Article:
At his monument on the Mall, keepers of Martin Luther King Jr.’s legacy work hard to keep his story alive, imparting lessons to crowds, recalling his speeches, and acknowledging civil rights foot soldiers who arrive here, literally walking through the statue’s split in the “Mountain of Despair.”
Here, National Park Service guide John W. McCaskill often greets civil rights icons visiting the Martin Luther King Jr. Memorial. They are older now. Many in the crowds of tourists fail to recognize them or their sacrifices.
“I have seen so many people who were part of the struggle come through this ‘Mountain of Despair,’ ” McCaskill says, pointing to the walkway carved in the sculpture, which is called the “Stone of Hope” and draws its name from a line in King’s famous “I Have a Dream” speech: “With this faith we will be able to hew out of the mountain of despair a stone of hope.”
At the entrance to the memorial, two huge stones split apart, symbolizing the “Mountain of Despair.” A slice of the sculpture is pushed out several feet from the split, and from this slice, King’s image emerges.
“I’ve seen Dick Gregory, Dr. Dorothy Cotton, John Lewis, the Rev. Dr. C.T. Vivian,” McCaskill said. “I go and honor them, and all of them at the end of the conversation, say, ‘Thank you for being here.’ And I say, ‘Uh-uh. You thanking me? No. Because if it wasn’t for you, I wouldn’t even be here.’ ”
McCaskill, 52, a D.C. native who has been a park guide since 2011, stands in the shadow of the monument as people mingle around him. A historian, he loves this post. No question is too small or too big. With three master’s degrees in history, he rattles off dates, quotes and context about King and civil rights leaders who worked in King’s inner circle.
McCaskill remembers the summer of 2013, when he looked across the memorial grounds and saw civil rights legend Cordy Tindell “C.T.” Vivian, who that year had been awarded the Medal of Freedom for his participation in Freedom Rides and sit-ins, which helped usher in integration in this country.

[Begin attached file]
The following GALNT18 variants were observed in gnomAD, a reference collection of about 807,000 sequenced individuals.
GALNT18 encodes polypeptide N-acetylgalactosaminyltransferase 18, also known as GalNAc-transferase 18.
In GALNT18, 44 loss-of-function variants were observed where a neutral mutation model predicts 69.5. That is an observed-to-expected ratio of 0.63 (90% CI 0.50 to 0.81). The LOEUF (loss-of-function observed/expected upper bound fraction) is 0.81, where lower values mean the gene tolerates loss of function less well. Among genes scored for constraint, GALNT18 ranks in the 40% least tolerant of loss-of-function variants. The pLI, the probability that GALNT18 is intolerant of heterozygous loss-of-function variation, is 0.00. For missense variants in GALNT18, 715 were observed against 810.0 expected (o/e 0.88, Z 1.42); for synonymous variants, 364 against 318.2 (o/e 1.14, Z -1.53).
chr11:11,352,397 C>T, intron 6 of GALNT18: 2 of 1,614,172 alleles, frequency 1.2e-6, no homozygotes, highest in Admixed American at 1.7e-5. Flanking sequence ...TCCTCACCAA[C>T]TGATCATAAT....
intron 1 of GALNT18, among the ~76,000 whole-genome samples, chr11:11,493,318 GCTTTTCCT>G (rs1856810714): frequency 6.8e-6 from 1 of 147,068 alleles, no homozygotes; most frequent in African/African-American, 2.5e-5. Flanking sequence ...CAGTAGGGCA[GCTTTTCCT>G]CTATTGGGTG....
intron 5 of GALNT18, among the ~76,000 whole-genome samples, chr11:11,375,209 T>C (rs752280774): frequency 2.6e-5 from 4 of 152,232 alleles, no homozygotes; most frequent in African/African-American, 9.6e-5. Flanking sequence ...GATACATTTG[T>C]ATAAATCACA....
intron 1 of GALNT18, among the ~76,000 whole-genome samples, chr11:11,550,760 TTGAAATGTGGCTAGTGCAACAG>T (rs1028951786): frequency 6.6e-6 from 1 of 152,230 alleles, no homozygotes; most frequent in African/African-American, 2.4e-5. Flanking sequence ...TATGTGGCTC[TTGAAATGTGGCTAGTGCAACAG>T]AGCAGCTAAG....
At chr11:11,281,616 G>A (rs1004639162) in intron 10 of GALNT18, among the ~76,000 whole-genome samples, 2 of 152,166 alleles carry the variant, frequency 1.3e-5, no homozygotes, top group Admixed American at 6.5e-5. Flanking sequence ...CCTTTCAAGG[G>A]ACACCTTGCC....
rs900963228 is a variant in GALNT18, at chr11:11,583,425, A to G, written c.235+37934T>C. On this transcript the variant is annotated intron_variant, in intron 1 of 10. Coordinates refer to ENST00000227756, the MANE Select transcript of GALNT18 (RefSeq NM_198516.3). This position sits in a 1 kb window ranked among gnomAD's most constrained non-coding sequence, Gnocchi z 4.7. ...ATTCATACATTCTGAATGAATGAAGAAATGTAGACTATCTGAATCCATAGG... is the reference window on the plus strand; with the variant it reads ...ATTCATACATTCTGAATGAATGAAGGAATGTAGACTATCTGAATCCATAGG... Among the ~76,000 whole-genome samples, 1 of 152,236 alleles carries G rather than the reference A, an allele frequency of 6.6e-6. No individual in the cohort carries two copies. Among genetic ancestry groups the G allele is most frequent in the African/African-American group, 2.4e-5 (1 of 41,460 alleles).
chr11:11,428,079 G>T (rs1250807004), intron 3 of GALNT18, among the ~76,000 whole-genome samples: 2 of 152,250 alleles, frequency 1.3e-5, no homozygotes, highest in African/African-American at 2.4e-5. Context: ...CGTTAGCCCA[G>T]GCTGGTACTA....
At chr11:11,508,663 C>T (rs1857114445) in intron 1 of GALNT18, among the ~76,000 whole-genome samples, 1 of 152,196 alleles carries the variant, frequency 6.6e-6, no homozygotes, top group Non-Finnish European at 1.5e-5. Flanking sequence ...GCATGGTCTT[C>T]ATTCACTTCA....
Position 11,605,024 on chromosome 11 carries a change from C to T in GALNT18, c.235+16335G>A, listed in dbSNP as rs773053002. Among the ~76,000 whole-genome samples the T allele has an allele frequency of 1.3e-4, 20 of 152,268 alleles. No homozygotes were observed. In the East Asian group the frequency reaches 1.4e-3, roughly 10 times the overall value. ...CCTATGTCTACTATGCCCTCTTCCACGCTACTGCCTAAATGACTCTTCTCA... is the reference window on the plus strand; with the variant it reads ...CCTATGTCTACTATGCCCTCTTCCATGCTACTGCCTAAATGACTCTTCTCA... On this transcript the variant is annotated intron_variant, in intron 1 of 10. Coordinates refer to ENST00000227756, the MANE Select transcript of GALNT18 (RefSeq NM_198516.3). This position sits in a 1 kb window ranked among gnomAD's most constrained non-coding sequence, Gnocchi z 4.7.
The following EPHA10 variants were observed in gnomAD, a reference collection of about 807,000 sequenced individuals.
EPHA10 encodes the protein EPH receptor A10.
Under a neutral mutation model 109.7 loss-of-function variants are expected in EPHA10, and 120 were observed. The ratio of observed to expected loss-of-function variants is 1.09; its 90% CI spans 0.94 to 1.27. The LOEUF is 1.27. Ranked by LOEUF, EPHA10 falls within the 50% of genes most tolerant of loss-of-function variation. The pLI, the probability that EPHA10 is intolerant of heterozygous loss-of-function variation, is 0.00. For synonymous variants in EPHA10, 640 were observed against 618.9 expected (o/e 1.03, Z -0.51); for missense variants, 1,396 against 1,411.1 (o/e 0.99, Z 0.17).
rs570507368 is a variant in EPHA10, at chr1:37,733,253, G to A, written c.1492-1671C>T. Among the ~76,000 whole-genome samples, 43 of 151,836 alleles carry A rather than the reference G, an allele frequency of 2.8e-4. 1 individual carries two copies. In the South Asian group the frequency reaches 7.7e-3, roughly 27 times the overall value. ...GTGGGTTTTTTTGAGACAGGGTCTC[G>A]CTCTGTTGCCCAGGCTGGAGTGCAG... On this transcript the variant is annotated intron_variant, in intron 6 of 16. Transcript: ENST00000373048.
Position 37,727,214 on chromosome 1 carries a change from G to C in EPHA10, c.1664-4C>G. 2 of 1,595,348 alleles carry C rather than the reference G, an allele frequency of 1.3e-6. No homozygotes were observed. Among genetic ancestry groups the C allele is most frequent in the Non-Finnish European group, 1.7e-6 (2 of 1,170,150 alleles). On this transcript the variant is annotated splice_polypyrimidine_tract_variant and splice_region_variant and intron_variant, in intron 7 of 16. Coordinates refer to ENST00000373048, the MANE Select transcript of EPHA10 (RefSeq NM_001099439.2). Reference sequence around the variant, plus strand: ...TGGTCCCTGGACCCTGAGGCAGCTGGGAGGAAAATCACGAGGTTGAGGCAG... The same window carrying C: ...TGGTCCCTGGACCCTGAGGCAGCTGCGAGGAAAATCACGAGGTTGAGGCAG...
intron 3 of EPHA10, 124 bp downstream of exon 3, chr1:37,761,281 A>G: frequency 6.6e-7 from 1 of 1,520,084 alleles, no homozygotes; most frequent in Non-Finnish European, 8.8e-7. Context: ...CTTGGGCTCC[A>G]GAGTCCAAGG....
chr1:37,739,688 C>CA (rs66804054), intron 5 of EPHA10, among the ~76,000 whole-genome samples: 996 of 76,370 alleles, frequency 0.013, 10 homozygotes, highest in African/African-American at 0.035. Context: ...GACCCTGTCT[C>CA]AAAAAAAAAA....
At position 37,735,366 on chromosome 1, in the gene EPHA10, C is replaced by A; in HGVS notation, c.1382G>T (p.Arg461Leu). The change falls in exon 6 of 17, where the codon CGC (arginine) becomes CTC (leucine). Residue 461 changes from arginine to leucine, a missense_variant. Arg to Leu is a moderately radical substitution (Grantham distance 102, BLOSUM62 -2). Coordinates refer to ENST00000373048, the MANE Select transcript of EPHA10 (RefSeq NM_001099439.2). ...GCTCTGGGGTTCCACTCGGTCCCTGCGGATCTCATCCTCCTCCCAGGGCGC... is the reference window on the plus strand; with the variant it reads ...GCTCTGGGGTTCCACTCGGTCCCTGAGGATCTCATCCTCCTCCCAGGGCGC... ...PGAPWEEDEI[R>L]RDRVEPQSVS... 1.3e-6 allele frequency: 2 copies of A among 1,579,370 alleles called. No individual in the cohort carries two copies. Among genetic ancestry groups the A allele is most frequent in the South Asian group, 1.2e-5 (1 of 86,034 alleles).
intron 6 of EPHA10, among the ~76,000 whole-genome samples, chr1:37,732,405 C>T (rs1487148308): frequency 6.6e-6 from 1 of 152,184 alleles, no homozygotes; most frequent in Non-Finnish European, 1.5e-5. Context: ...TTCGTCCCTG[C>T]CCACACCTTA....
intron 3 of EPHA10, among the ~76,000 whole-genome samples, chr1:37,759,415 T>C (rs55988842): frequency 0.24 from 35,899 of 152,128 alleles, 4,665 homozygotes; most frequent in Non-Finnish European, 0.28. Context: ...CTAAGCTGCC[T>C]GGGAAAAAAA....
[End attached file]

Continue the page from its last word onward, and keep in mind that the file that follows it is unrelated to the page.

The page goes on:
“I saw him out the corner of my eye and it registered. I’m like, ‘Is that the Rev. C.T. Vivian?’ You know C.T. Vivian was on the steps of the municipal building when they were trying to register to vote, down in Birmingham,” McCaskill recalled.
“And Jim Clark,” the sheriff and segregationist who led the “Bloody Sunday” violence against civil rights marchers on the Edmund Pettus Bridge in Alabama, “was standing there, saying, ‘You can’t register.’ ”
Vivian demanded an explanation. In an exchange that was widely televised, Clark punched Vivian so hard that he broke his hand. “Blood is coming out his nose and mouth,” McCaskill said, “and this is what Vivian says on camera: ‘We are willing to be beaten for democracy.’ ”
McCaskill tears up, standing in the shadow of King’s monument. Around him, tourists are snapping selfies. Parents are explaining to their children King’s contributions to social justice. A group of protesters wave flags and shout about injustices in Syria, from which thousands of refugees have fled. One woman carries a sign that reads “Injustice anywhere is a threat to justice everywhere.”
McCaskill says the memorial is a place where hundreds come to reflect on justice and efforts for peace. The memorial also is a place, McCaskill said, where people come to express gratitude to civil rights workers.
McCaskill continues his story about the day he saw Vivian, who worked on King’s executive staff. “I go over to him and I extend my hand, and before I get to him, I drop to one knee. I thanked him about 20 times. I said, ‘Sir, you were willing to lay your life down for a generation you haven’t even met.’ And he said, ‘Yeah, but I knew they were coming.’ ”